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I’ve never been one for group activities. Don’t get me wrong, I’m not anti-social. I like a good gab session at work or dinner with friends as much as the next gal. But, for the most part, I don’t require a “plus one.” I’m a writer and editor, so I spend most of my day by myself in front of a computer. I have never, ever gone clothes shopping with a girlfriend, and I will only take exercise classes that absolutely do not require you to “partner up!” in any way.
But when my son was born, I suddenly wanted nothing more than to be a part of a group. More specifically, a mommies group. I imagined myself with a gaggle of like-minded women with babies around the same age as my son. We would have impromptu playdates, share advice (and gripes!) and watch each other’s kids reach their first milestones. (Look, Magnolia is crawling!) Sigh. But, here’s the rub: As a working mom, time is not on my side. Here’s a look at a typical mommy-and-me class offering: Tiny Tykes gym class, Tuesday at 12:45 p.m.; parent-and-child art class, Wednesday at 10 a.m.; multicultural music class, Friday at 1:30 p.m.. OK, so a weekday class wouldn’t fit into my 9-to-5 schedule. They must offer weekend classes, right? Wrong. The same places that are bustling with moms and babies during the week are typically closed Saturdays and Sundays for private parties. In my mind, the hosts of said parties were women who had loads of mom friends—made, I imagined, while attending a mommy-and-me class. Double whammy.
I thought I had hit pay dirt when I discovered a working moms group through a local children’s shop. The group members were all working moms (my peeps!), classes were determined by the age of your baby (babes the same age as my son!) and classes were every other Saturday at 10 a.m. (I don’t work on Saturday mornings!). It seemed like a perfect fit. But, even with our shared employed status and kids born within months of each other, I never clicked with any of the moms in my class. I partly blame my sleep-deprived state that made me even less social that usual. But, I also realized that just because a woman worked and had a baby, it didn’t mean we would become fast friends.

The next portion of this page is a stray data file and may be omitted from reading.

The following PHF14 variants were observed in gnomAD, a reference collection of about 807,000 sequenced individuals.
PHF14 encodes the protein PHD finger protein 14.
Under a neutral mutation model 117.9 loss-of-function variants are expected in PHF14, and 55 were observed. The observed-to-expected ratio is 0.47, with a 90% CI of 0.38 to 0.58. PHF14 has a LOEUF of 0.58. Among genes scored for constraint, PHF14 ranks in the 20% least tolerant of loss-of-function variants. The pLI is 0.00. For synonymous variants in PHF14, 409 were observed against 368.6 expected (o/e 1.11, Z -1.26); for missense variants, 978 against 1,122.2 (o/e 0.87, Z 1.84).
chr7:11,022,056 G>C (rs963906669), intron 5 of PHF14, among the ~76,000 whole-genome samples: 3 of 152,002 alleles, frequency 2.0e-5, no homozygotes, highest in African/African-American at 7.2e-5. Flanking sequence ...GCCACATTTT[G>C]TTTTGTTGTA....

I eventually found a mommy-and-me music class on Saturday mornings (thank you Ladybug Music for introducing my son to the wonderful sound of drums!) but the “group” I was looking for ultimately ended up being at the very same place I spend most of my days—the office. I work with six moms who have older kids, which meant I could reap the benefits of their been-there-done-that advice. I also happen to work alongside women who don’t have kids, but who would ask, ”How’s the baby?” and then actually listen to me ramble on for 22 minutes about which bottle I thought might help curtail my son’s constant spitting up. And, after a night of getting up every two hours to nurse a crying baby, I could walk down the hall and complain to my co-worker who had been through the same thing (and survived!) just a few years before. While it may not have been the mommy group I had imagined, my co-workers got what I was going through—and helped me get through it, too.
How have your co-workers helped you transition to being a working mom?